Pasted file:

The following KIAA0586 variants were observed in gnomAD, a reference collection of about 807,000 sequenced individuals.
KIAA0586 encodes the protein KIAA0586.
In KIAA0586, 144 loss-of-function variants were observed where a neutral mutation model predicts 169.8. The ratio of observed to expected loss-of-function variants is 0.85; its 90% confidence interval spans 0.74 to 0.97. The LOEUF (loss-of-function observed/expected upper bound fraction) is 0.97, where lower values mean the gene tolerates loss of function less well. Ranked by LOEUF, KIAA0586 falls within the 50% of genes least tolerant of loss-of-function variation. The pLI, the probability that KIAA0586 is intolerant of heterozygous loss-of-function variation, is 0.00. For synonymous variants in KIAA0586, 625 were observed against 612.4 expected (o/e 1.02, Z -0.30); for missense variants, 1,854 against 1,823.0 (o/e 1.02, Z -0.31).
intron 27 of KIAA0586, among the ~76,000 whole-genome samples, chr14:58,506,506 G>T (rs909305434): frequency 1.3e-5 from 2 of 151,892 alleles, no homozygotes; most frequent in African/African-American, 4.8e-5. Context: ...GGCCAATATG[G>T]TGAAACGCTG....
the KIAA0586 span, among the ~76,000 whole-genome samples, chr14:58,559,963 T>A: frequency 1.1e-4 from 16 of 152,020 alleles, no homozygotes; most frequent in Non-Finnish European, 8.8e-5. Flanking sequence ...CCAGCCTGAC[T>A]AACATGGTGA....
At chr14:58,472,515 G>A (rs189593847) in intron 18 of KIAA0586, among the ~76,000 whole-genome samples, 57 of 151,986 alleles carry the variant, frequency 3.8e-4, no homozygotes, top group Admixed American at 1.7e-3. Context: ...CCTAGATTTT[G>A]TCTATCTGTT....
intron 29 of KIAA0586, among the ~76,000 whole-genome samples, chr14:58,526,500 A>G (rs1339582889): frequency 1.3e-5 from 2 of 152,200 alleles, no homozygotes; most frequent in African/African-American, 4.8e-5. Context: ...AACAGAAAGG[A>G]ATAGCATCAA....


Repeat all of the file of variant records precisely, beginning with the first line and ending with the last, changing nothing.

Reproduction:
The following KIAA0586 variants were observed in gnomAD, a reference collection of about 807,000 sequenced individuals.
KIAA0586 encodes the protein KIAA0586.
In KIAA0586, 144 loss-of-function variants were observed where a neutral mutation model predicts 169.8. The ratio of observed to expected loss-of-function variants is 0.85; its 90% confidence interval spans 0.74 to 0.97. The LOEUF (loss-of-function observed/expected upper bound fraction) is 0.97, where lower values mean the gene tolerates loss of function less well. Ranked by LOEUF, KIAA0586 falls within the 50% of genes least tolerant of loss-of-function variation. The pLI, the probability that KIAA0586 is intolerant of heterozygous loss-of-function variation, is 0.00. For synonymous variants in KIAA0586, 625 were observed against 612.4 expected (o/e 1.02, Z -0.30); for missense variants, 1,854 against 1,823.0 (o/e 1.02, Z -0.31).
intron 27 of KIAA0586, among the ~76,000 whole-genome samples, chr14:58,506,506 G>T (rs909305434): frequency 1.3e-5 from 2 of 151,892 alleles, no homozygotes; most frequent in African/African-American, 4.8e-5. Context: ...GGCCAATATG[G>T]TGAAACGCTG....
the KIAA0586 span, among the ~76,000 whole-genome samples, chr14:58,559,963 T>A: frequency 1.1e-4 from 16 of 152,020 alleles, no homozygotes; most frequent in Non-Finnish European, 8.8e-5. Flanking sequence ...CCAGCCTGAC[T>A]AACATGGTGA....
At chr14:58,472,515 G>A (rs189593847) in intron 18 of KIAA0586, among the ~76,000 whole-genome samples, 57 of 151,986 alleles carry the variant, frequency 3.8e-4, no homozygotes, top group Admixed American at 1.7e-3. Context: ...CCTAGATTTT[G>A]TCTATCTGTT....
intron 29 of KIAA0586, among the ~76,000 whole-genome samples, chr14:58,526,500 A>G (rs1339582889): frequency 1.3e-5 from 2 of 152,200 alleles, no homozygotes; most frequent in African/African-American, 4.8e-5. Context: ...AACAGAAAGG[A>G]ATAGCATCAA....